Mozambican Prime Minister Carlos Agostinho do Rosario declared on Tuesday that the imminent arrival of a technical mission from the International Monetary Fund (IMF) to assess the macro-economic impact of the country’s public debt will be an important step in normalizing relations between Mozambique and its cooperation partners.
Those relations were seriously damaged in April, with the revelation that the previous government, led by President Armando Guebuza, had guaranteed secret loans totaling more than 1.1 billion dollars, contracted by the security-linked companies Proindicus and MAM (Mozambique Asset Management).
The undisclosed loans led the IMF to cancel the mission that was to have visited Mozambique in mid-April, and to suspend the second instalment of a 282 million dollar loan from the Fund’s Standby Credit Facility.
Interviewed by the BBC in late May, IMF managing director, Christine Lagarde, publicly declared that by not respecting the country’s financial disclosure agreement, the Mozambican authorities were “clearly concealing corruption”.
Other donors and funding agencies followed the IMF’s lead and suspended financial aid to Mozambique. These included the United States and the group of 14 donors that used to provide direct support to the Mozambican state budget.
Speaking in Maputo, at the opening of the Annual Assembly of the Organisation of Cooperatives from Portuguese speaking countries, Rosario said he hoped for a speedy return to normal in the relations between Mozambique and its partners.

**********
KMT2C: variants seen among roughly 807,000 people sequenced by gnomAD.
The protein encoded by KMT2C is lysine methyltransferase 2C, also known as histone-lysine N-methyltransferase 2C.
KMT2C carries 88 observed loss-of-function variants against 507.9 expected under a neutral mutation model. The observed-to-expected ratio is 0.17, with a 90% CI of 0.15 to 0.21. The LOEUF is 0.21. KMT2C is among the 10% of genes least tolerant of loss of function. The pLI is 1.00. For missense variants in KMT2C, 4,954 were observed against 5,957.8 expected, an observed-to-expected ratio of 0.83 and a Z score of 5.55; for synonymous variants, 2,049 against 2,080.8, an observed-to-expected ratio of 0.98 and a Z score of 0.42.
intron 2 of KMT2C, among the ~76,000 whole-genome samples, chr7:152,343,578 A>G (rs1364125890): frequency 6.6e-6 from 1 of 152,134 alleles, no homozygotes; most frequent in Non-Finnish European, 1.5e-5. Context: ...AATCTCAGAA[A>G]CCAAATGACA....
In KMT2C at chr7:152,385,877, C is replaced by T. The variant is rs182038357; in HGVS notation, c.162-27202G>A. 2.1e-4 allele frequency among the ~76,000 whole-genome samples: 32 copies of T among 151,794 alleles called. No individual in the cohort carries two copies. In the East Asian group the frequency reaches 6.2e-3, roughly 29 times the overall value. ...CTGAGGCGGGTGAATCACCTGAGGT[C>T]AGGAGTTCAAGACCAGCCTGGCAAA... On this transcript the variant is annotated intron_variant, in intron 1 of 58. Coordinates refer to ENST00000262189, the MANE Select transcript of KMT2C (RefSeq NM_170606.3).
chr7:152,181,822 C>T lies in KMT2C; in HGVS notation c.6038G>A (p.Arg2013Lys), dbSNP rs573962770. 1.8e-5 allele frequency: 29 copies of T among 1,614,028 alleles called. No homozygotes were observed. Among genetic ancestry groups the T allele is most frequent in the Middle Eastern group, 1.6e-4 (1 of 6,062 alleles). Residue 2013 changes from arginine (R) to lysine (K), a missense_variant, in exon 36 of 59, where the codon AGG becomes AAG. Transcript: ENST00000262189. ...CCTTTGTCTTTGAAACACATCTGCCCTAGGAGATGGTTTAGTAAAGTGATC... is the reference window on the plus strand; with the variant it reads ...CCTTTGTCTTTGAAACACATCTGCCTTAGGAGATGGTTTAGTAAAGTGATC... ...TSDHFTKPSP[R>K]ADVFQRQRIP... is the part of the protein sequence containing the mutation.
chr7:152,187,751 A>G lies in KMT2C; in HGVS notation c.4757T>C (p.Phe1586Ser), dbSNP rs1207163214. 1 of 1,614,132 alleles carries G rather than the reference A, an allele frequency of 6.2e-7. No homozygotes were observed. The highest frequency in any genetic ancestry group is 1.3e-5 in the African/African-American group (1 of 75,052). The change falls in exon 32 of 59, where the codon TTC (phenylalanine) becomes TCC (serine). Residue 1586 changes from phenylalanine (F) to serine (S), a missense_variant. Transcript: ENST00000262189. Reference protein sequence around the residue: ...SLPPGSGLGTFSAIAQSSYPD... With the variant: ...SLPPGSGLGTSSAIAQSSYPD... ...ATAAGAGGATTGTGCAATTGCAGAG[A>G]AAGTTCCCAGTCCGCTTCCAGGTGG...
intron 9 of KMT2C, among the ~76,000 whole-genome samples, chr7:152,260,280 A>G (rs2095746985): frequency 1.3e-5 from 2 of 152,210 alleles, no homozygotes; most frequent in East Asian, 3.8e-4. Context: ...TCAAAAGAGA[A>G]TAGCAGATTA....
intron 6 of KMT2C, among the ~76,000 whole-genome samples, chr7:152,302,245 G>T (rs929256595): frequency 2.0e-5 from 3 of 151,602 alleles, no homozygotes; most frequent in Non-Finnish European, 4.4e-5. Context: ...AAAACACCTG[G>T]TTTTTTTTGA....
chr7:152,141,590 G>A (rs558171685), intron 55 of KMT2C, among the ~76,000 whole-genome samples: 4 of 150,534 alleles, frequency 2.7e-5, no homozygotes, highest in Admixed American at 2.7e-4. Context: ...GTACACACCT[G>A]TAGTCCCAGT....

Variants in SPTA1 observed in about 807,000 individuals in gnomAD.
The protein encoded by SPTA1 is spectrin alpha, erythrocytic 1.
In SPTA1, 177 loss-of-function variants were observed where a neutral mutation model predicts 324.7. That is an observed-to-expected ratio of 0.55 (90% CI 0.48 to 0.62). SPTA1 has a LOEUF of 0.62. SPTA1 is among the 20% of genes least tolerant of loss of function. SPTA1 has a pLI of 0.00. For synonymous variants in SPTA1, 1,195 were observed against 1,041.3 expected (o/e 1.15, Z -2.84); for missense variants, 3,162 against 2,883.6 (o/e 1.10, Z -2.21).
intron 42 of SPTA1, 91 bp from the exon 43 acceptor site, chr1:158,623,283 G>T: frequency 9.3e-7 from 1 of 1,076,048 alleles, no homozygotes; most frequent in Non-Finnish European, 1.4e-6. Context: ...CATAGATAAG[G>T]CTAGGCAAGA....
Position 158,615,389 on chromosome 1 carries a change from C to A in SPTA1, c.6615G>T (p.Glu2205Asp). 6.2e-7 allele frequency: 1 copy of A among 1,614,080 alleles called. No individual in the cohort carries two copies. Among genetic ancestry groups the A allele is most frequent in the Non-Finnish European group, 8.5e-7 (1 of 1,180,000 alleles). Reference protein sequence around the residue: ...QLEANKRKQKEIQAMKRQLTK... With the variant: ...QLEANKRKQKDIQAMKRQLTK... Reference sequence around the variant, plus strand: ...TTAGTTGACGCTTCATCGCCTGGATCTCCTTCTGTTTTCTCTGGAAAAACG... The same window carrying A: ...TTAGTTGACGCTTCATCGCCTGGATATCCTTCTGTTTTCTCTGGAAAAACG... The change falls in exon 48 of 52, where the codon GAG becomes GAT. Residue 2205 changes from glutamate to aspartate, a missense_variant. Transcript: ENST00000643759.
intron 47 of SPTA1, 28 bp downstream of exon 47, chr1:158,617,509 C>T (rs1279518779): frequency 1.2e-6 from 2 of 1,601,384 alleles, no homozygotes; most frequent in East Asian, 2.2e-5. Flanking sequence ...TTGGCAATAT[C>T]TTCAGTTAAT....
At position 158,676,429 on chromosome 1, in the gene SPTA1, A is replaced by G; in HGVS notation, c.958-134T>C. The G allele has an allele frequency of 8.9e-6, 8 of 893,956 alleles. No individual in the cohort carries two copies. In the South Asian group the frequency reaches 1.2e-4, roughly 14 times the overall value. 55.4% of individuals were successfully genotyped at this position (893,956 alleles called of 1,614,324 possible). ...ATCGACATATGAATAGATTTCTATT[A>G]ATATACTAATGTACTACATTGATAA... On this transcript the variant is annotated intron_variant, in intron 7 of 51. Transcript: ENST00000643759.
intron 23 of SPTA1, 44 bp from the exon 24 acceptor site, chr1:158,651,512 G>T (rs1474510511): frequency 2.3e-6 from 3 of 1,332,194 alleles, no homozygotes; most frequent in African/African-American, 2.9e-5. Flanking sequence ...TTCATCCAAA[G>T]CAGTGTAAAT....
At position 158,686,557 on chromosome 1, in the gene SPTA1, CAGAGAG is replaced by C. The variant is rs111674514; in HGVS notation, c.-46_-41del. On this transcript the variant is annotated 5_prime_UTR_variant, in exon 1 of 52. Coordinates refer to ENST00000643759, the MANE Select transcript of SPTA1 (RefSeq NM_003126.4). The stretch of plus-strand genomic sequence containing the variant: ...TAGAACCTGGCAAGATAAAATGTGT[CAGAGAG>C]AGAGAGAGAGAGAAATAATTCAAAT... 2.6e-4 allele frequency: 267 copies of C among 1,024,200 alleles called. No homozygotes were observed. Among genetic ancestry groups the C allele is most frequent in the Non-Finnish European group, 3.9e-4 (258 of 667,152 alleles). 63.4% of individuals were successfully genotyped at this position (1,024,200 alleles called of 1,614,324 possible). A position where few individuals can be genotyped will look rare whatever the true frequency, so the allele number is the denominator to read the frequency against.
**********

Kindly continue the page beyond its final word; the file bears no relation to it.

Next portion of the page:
Cited by the independent daily “O Pais”, Rosario said “We have shared the information. Now come the following steps for normalising relations with our international partners”.
He did not want to dwell on what had gone wrong in the past. “We have to look forward. The past is the past”, he said. “We have to have solutions because our country is rich in human and natural resources, and we are capable of going forward”.
Rosario stressed the importance of cooperatives as collectively owned enterprises which “are a space for the active exercise of citizenship, and a mechanism that generates a direct impact on improving the living conditions of communities”.
He stressed that, under Mozambican legislation, cooperatives, particularly those involved in agriculture, handicrafts and cultural activities, receive tax exemptions, notably a 50 per cent reduction in corporation tax.
The chairperson of the Organisation of Cooperatives of Portuguese Speaking Countries, Marcio Lopes de Freitas, of Brazil, said government should bank on cooperatives as an instrument to support development “particularly in moments of crisis”.
The cooperative model, he added, had shown that it was capable “of developing processes that mitigate crises”.